Again, though, with respect to Pakistan, the narrative was pretty much as I retailed it, that they did not trust us to stay the course, did not believe that we would be driven by conditions and not calendars. There is an underlying reality, too: To take on the safe havens in Pakistan could have had some very dire results for the Pakistanis.

I remember when General Kayani, later chief of Army staff, who—he was ISI commander when I was there—we finally badgered him into taking action against a number of kind of mid-level—mid- to senior-level Taliban leaders in Quetta. They never got—the ISI never got to the objective. They got ambushed and lost six officers. There was—again, Pakistani control, whether it be in Balochistan or in the northwest frontier in the tribal areas, was tenuous at best, and I think it was an open question if they had tried to move decisively against Haqqani—the Haqqani Network—what might have happened.

So I think one of the issues we have with Pakistan, of course, is that our senior military leaders, who had experience, say, in Iraq and Afghanistan, because we don’t have deployed forces, they don’t understand Pakistan all that well. And that is a problem in this, too.

COHEN: Anybody else? Just real briefly, because I do want to move us on. Kori or Carter, do you want to say anything about—OK. So let me move onto something else.

What do you all make of—there are a number of different kinds of critiques which are of this “if only we had” variety. One of them would be that which has been advanced by Bing West, former assistant secretary of defense during the Reagan administration, who spent a lot of time on the ground, particularly with the Marines, in Afghanistan. And his argument is, you know, the folly here was trying to do development. You know, basically this is—the form of counterinsurgency that works is when you isolate the population from the insurgents, and you go after the insurgents, and just attack them relentlessly.

And I think you might add, you know, you need to build up your own security forces, which we never really—which we did, and we did not in variety of ways. We should get more deeply into that. But that the whole effort to try to create a—anything that smacked of liberal democracy, or a more modernized version of Afghan society and government was folly, and a distraction, and contributed to our failure. What do you make of that critique? Kori, I think you’re probably the one who’ll push back hardest on that, so let me start with you, maybe.

SCHAKE: Yeah. I think it’s a military operation without a strategic victory. I mean, what’s the government in Afghanistan? You can’t separate the success from our campaign from the Afghanistan that’s going to come as the result of that campaign. It’s a narrow, militaristic approach to argue that none of these other things matter. That if we could have just gotten after the threat, glitter, unicorns, and then you have an Afghanistan that doesn’t produce threats. What’s the conveyor belt in that strategy, is the challenge I would put forward for its advocates. Because battlefield success isn’t the entirety of winning the war.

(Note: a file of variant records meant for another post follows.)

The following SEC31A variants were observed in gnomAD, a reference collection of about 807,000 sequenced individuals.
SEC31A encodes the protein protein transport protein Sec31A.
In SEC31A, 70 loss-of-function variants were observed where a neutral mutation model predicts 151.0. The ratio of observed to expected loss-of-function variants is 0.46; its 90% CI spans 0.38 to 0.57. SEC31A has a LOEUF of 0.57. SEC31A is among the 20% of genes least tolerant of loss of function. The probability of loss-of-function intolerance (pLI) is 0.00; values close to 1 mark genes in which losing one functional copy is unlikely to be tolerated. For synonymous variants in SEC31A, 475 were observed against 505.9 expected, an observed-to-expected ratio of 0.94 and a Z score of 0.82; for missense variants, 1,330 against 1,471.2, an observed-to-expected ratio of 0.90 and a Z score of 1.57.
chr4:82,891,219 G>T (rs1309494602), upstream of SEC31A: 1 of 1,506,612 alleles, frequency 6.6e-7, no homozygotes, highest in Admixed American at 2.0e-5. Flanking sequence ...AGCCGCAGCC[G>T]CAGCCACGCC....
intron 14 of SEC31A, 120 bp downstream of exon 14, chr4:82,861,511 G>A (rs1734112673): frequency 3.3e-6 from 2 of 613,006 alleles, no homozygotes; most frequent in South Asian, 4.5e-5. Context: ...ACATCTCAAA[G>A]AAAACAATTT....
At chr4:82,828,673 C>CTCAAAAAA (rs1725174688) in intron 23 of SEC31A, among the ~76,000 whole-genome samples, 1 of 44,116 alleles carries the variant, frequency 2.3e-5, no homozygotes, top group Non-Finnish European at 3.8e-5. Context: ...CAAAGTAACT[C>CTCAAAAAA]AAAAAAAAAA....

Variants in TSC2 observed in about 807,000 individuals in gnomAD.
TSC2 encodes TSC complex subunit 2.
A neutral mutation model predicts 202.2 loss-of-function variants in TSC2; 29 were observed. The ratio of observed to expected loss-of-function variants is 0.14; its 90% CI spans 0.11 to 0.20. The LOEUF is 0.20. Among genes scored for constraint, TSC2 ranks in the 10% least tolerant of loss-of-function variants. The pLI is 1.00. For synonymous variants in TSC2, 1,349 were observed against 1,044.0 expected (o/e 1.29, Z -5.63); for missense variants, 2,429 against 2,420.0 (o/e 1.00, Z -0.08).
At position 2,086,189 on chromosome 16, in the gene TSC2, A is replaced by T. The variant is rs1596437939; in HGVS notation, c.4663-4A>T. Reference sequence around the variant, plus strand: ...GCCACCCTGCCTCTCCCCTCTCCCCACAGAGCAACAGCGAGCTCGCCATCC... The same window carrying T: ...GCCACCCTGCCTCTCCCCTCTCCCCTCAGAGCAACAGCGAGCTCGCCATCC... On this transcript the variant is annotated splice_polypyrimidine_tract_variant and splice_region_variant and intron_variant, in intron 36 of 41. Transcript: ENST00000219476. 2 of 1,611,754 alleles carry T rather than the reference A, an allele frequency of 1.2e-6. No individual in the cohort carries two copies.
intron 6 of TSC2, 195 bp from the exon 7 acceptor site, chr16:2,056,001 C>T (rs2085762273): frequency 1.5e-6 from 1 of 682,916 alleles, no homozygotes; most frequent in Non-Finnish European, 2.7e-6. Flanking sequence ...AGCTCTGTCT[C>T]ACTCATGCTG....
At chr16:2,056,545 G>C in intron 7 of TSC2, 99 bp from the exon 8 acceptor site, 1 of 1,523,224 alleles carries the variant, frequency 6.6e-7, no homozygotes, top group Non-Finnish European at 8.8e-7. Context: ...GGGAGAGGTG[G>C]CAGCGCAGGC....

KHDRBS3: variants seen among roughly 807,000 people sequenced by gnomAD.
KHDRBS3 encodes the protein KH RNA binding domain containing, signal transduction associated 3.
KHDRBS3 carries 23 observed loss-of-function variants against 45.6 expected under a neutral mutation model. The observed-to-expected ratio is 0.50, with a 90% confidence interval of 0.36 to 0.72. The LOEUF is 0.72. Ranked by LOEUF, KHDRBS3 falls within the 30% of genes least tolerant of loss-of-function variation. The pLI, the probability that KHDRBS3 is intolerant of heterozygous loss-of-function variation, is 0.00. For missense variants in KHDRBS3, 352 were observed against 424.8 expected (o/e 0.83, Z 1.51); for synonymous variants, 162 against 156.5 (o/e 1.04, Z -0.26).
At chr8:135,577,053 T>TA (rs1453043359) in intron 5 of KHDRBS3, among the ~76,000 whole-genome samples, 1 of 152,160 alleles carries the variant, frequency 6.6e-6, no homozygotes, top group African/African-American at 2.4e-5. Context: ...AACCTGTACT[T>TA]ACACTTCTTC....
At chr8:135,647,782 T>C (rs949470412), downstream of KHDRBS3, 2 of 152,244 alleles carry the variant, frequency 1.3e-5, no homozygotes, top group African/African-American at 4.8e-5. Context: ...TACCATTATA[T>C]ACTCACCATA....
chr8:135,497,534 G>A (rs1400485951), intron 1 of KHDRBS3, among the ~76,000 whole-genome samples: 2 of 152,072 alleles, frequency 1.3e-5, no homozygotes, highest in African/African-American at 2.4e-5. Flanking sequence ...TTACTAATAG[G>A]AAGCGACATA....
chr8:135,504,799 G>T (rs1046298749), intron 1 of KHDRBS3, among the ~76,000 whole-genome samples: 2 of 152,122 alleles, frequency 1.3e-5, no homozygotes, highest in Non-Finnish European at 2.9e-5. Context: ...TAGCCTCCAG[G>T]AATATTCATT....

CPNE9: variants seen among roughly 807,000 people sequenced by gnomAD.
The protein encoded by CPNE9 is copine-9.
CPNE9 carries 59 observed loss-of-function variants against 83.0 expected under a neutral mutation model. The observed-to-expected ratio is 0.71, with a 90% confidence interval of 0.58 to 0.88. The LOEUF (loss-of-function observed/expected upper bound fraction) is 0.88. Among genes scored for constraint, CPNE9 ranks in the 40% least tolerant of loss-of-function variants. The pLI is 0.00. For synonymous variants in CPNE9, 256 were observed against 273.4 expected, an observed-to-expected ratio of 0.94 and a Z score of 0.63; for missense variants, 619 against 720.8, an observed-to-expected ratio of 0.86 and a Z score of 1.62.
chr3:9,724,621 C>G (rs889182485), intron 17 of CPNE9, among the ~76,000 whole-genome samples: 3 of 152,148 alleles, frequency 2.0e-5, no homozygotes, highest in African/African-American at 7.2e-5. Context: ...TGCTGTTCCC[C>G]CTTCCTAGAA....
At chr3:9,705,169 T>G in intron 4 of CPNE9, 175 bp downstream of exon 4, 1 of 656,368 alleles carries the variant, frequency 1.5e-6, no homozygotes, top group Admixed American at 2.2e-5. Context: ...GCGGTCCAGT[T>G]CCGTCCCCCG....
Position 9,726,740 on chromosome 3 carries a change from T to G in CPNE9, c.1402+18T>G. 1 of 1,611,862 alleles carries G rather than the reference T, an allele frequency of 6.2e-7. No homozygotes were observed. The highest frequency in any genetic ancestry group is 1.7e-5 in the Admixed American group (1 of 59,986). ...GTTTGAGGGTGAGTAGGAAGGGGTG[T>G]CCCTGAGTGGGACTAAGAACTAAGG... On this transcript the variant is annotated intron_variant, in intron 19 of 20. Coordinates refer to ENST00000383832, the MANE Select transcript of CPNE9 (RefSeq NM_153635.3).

COHEN: Carter, do you have a comment on that one?

MALKASIAN: So the think that I find that Bing West says that I find the most interesting and compelling is that we should have kept a low number of troops for a long period of time. And that makes us think about the surge again. And I, at the time, was not arguing against the surge by any means. I was in Garmser then, doing various other things. So I don’t want to claim as though I was some kind of critic of the surge when it was happening. I wasn’t.

But in retrospect, much of what the surge gained, at high cost—everything that the surge gained, at high cost, was lost. Much of it got lost by 2015, or so. Which then raises the question, well, it shows we probably shouldn’t have surged at all. And we probably would have been—we probably would have attained the same amount if we had stayed there with a low number of forces. Why didn’t we do that? I think, for one, we were too worried at that point about the terrorist threat, about that the Taliban might be able to take over the whole country. But the situation in 2009 was no worse than in 2015, ’16, ’17, ’18, ’19. As Ambassador Crocker has rightly pointed out, we were able to hold back the Taliban tide with few numbers with U.S. use of airstrikes.

So that means why didn’t we do it earlier? And the thing I point to is that, yes, we overstated the threat, and we didn’t look at enough options. We focused too much on the option of counterinsurgency and sending a lot more troops and not enough on other options—not sending reinforcements, decreasing reinforcements, looking at a variety of things.

COHEN: I have to just say at this point—and, Ryan, you should object if you think I’m being unjust—but I had the feeling at the time that, you know, we had had this tremendous success in Iraq with the surge, with an ambassador named Crocker and a general named Petraeus. And, you know, it was—one almost did have a feeling that there was an attempt to reach for a duplication of the Iraq success that we had had with the surge, an ambassador named Crocker, and a commanding general named Petraeus. Is that too pat, do you think, Ryan?